Mapping using an optical mouse

Hi,

Here's my dilemma:
I hope to end up with an autonomous hovercraft at the end of this exercise. The mechanical bits are done. What i want to achieve (or try and get close to) is map its path (roughly) using an optical mouse sensor (or 2). I have got the mouse interfaced with my arduino and I am getting x and y output from the mouse. Now i have hit a roadblock with figuring out how to interpret this data. The issue is that the sensor would be strapped on to the hovercraft and so when it turn the sensor turns with it, meaning it will not pick up the rotation and my map will basically end up being a jagged straight line (you get what i mean). Any ideas on how I should go about this?

Have optical mouse sensors been used for navigation and mapping on robots? Anybody with some info please do reply.

(I know I could use other sensors such a gyro to help it along but i want to try and do this with just the mice. I'm kinda strapped for cash)

Any help would be greatly appreciated. Thanks!

The issue is that the sensor would be strapped on to the hovercraft and so when it turn the sensor turns with it, meaning it will not pick up the rotation and my map will basically end up being a jagged straight line (you get what i mean). Any ideas on how I should go about this?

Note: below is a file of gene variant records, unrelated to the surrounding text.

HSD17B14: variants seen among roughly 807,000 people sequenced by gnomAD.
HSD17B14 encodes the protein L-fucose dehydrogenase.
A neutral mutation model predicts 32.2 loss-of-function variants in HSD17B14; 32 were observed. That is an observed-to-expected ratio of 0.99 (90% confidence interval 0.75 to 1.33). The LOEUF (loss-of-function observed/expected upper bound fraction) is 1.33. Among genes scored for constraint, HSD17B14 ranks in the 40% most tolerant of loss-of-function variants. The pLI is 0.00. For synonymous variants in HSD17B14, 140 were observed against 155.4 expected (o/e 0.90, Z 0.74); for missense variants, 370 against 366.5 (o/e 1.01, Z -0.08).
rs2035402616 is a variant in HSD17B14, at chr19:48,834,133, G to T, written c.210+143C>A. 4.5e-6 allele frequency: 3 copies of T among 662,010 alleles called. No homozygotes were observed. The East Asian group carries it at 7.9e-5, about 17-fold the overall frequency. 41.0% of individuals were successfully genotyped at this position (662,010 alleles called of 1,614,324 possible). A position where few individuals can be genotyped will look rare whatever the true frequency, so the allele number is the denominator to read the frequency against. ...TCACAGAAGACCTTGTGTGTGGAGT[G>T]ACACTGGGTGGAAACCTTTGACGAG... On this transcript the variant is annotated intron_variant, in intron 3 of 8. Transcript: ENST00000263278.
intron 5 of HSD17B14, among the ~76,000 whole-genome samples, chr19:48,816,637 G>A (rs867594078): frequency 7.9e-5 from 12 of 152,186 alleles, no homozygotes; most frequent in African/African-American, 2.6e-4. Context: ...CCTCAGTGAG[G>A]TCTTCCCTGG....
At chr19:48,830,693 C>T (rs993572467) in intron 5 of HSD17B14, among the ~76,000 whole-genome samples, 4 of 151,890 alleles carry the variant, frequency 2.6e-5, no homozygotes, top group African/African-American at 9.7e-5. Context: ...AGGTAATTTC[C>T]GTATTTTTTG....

You don't say where you have the sensor located on the robot, but based on your description of the data, I am going to assume it is somewhere forward of the center of rotation. Thus, when you rotate, what the mouse sensor sees is a left-right translation (on the x-axis), and when the robot is moving forward-back, you see that translation in the data (on the y-axis). Correct?

If this is so, then you already have one needed measurement; that from the y-axis to know how far along a vector you have moved. What you need, is to convert the x-axis translation into a vector heading; that is, convert the value that is output into an angle (ideally in radians - but you might want another unit).

You are going to need a bit of trigonometry here to solve this; at one time, I could probably help you further, but it has been so long since I have touched such math, that I would probably botch it nowadays! However, what you are looking for is akin to a "cartesian to polar transform"; if that sounds greek to you, then you have a bit of a learning curve ahead of you, I'm afraid.

You might be able to "fake" it, by noting the amount you move (positive or negative) in the x-axis direction, and add/subtract from the angle heading accordingly; it might be accurate enough...

There is only one problem with this system: Your platform is a hovercraft. If, for some reason (maybe the platform is bumped on the side?), the platform moves sideways (ie, moves along its "local" x-axis, with no rotation), then this method (either the fake method or the cartesian transform) will think the platform is rotating, instead of translating.

Perhaps one method to get around this would be to use two or more mouse sensors - but that will make things even more complex...

You might want to invest in a compass heading sensor (so you -know- what angle you really are facing), and use the mouse sensor for translation only measurements (both along the x and y-axis)...

:slight_smile: